Amid stronger sales results and a major menswear acquisition, Nordstrom is showing its softer side, and says it is launching its first-ever private label “give-back” brand.
The new line of women’s clothing is called Treasure & Bond, and is being sold online and in 86 of its stores around the U.S. The collection of well-priced classics includes washed denim at under $100, comfy plaid shirts, and moto jackets, and the Seattle-based retailer says it will give 5% of net profits to organizations working to empower women and girls. Nordstrom has named Girls Inc.as its first beneficiary.
The company says its second-quarter sales advanced 6.2% to $3.3 billion, while comparable-store sales rose 3.3%. (At its Nordstrom Rack division, comparable sales increased 4%.) And net earnings were flat, at $183 million. In addition, the company raised its forecast for the full year, for both sales and earnings.
Nordstrom recently said it was buying Trunk Club, a personalized clothing service for men, for $350 million in Nordstrom stock. To Nordstrom, it’s a perfect fit. "What Trunk Club is doing in the personal styling space is a natural extension of our core business," says Erik Nordstrom, president of Nordstrom Direct, in the announcement describing the purchase. "This acquisition is reflective of how we want to move quickly to evolve with customers by finding more ways to deliver a great shopping experience. One of the pillars of our long-term growth strategy is to integrate the online and offline customer experience, and the personal styling space is a great example of how these two worlds are coming together."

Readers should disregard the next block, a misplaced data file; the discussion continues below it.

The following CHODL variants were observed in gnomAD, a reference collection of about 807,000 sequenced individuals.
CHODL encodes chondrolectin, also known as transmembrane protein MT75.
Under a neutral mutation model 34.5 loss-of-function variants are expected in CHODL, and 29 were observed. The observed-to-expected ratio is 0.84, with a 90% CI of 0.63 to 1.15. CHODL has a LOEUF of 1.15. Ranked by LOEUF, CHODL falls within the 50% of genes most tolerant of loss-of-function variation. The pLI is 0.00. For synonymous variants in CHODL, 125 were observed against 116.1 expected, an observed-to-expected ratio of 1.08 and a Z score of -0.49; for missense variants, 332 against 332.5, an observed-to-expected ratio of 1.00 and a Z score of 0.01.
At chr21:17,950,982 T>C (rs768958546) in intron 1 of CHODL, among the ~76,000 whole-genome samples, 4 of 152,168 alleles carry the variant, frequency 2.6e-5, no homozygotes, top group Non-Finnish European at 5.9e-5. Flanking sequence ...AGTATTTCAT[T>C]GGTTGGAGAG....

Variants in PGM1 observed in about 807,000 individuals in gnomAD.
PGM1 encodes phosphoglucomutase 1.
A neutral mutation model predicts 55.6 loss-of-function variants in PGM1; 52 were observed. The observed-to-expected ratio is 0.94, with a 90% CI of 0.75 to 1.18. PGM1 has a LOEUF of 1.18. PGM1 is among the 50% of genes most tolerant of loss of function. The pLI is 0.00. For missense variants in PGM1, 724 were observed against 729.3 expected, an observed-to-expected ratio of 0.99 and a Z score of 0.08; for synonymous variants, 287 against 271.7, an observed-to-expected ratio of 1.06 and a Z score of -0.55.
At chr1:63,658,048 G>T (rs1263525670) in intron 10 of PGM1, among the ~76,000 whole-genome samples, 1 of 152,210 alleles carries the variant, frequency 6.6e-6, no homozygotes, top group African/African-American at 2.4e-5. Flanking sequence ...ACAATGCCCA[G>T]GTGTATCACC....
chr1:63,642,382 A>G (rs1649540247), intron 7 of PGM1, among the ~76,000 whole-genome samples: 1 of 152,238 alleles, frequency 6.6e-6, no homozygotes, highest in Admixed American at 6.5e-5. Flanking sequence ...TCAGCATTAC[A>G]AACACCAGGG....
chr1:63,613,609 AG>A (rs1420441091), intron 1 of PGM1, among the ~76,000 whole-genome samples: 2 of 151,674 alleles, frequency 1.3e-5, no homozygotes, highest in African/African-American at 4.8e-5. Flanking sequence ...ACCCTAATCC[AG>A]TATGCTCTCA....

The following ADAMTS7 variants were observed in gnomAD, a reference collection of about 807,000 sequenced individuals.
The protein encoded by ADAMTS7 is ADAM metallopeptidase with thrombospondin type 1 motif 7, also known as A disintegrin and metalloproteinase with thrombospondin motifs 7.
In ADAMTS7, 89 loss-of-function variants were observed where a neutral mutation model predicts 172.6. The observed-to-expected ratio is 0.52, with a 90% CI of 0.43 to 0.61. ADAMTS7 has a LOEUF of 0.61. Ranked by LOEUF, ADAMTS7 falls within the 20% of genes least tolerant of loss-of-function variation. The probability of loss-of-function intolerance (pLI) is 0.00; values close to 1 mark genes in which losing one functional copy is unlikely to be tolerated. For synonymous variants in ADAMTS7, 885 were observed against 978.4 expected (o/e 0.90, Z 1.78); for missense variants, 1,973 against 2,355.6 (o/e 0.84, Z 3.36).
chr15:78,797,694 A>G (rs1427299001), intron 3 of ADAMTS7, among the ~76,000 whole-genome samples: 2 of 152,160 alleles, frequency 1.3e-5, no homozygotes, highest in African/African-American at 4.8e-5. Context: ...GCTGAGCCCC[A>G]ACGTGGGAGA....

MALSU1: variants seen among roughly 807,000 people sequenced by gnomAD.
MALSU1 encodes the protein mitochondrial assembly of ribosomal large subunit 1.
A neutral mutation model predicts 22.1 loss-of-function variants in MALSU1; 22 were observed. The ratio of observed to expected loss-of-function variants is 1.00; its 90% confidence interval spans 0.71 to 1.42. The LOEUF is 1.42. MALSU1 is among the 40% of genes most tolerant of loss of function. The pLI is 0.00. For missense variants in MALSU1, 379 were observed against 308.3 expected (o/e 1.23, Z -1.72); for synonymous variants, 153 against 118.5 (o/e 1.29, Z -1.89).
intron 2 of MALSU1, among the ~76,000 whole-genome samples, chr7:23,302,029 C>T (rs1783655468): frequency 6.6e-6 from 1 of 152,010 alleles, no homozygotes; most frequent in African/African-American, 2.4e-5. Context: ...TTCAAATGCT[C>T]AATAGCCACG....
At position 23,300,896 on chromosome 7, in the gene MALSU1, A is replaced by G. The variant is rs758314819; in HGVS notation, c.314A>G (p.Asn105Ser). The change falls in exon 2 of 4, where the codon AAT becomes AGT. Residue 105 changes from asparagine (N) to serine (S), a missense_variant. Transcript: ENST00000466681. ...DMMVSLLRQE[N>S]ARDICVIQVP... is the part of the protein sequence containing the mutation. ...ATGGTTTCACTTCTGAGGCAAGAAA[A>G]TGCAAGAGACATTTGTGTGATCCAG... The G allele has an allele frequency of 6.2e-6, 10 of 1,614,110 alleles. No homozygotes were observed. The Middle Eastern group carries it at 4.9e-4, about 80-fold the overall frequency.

Standard & Poor’s also gives the acquisition the thumbs-up, predicting it will “further strengthen the company's faster-growing menswear business platform,” it writes in its analysis. It says Nordstrom “continues to lead most of its department store peers. We believe Nordstrom will maintain its solid revenue growth overall with Rack and the direct segment outpacing full line stores.”
Other observers are not so sure. While describing the Trunk Club purchase as “strategically interesting,” Chuck Grom, who follows the stock for Sterne Agee, writes in his latest analysis that the cost will be a drag on company earnings. He remains neutral on the stock, despite “solid” comparable store sales, accelerating revenues in the direct division, and better-than-last year results from the chain’s big anniversary sale.